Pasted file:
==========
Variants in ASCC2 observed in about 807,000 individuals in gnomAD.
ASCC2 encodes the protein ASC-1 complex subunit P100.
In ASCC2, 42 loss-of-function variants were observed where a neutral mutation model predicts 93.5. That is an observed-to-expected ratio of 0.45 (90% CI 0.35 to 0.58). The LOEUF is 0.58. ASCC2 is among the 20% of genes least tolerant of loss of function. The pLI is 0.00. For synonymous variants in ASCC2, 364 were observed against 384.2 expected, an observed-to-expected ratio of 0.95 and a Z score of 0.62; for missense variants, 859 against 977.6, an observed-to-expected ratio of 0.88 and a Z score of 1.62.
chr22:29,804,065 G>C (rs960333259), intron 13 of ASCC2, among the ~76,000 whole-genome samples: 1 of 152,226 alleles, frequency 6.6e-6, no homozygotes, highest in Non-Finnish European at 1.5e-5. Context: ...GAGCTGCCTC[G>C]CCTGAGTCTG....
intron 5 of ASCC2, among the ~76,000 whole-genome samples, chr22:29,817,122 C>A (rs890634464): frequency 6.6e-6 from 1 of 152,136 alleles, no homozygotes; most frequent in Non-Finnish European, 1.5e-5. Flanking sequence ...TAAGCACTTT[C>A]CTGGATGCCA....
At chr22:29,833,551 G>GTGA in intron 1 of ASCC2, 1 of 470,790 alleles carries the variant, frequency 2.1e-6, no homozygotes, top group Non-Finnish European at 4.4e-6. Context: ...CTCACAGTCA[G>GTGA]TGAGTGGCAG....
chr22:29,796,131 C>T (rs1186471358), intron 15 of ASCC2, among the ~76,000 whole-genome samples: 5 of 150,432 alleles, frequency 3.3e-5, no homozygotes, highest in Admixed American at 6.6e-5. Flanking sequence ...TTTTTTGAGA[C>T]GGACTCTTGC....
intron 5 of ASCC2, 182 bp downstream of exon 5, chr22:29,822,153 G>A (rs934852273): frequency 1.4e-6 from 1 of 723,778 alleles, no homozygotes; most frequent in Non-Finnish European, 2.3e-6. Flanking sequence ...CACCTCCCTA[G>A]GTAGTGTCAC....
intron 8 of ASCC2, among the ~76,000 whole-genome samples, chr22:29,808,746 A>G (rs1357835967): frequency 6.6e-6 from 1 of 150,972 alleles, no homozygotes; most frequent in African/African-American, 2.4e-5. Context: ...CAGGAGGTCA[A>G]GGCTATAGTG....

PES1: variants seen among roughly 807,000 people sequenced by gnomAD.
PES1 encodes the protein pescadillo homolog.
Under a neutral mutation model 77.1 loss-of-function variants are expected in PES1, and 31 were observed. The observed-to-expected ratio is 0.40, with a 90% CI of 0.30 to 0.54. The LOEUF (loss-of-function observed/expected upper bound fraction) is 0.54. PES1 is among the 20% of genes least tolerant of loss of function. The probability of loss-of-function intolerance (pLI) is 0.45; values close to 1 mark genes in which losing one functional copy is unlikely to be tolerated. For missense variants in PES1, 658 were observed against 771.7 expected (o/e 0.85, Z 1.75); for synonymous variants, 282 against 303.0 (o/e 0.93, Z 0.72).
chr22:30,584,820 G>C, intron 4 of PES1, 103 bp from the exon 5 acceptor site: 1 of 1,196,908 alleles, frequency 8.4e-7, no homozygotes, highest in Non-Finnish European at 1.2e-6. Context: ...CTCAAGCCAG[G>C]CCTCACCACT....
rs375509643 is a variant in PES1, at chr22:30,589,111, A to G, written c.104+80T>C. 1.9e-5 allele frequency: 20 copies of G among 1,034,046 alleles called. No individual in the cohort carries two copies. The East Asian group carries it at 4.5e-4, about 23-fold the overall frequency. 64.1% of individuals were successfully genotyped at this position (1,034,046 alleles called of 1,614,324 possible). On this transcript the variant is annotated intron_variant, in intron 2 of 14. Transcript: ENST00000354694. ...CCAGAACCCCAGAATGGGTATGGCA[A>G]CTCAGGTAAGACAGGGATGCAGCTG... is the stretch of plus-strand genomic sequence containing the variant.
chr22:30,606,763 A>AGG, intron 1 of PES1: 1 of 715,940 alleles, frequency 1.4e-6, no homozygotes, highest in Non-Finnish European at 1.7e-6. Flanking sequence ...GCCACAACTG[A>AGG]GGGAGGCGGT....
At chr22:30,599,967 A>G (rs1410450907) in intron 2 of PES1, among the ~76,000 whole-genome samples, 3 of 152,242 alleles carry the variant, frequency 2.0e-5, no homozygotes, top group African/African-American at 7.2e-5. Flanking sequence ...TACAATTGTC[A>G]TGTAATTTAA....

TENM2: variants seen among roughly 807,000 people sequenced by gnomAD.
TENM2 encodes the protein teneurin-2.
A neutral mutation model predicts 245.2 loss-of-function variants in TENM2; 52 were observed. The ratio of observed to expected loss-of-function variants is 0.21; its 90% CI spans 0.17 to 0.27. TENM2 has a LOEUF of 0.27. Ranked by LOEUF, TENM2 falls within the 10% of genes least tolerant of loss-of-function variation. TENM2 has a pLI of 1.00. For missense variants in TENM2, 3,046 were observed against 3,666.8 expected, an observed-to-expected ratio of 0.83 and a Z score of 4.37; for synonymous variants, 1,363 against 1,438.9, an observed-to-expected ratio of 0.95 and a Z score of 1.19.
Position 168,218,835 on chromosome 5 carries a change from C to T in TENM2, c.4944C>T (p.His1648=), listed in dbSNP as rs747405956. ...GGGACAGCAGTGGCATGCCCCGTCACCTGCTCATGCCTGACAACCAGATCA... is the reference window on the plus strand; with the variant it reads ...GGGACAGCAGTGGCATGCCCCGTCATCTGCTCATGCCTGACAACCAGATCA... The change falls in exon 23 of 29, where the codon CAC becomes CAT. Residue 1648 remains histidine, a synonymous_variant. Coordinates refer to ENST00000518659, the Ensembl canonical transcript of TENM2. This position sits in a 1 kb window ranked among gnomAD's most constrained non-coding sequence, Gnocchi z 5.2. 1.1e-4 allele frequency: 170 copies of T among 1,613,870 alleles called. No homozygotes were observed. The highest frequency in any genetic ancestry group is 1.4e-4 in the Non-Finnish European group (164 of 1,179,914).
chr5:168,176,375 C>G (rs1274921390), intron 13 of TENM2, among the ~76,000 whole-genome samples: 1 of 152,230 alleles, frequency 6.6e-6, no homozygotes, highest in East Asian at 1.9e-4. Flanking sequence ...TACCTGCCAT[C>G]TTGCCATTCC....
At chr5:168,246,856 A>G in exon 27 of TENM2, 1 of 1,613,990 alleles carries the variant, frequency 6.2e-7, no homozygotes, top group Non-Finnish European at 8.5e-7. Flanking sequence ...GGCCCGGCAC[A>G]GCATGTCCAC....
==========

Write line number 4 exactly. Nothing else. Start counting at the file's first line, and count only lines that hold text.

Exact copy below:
chr22:29,804,065 G>C (rs960333259), intron 13 of ASCC2, among the ~76,000 whole-genome samples: 1 of 152,226 alleles, frequency 6.6e-6, no homozygotes, highest in Non-Finnish European at 1.5e-5. Context: ...GAGCTGCCTC[G>C]CCTGAGTCTG....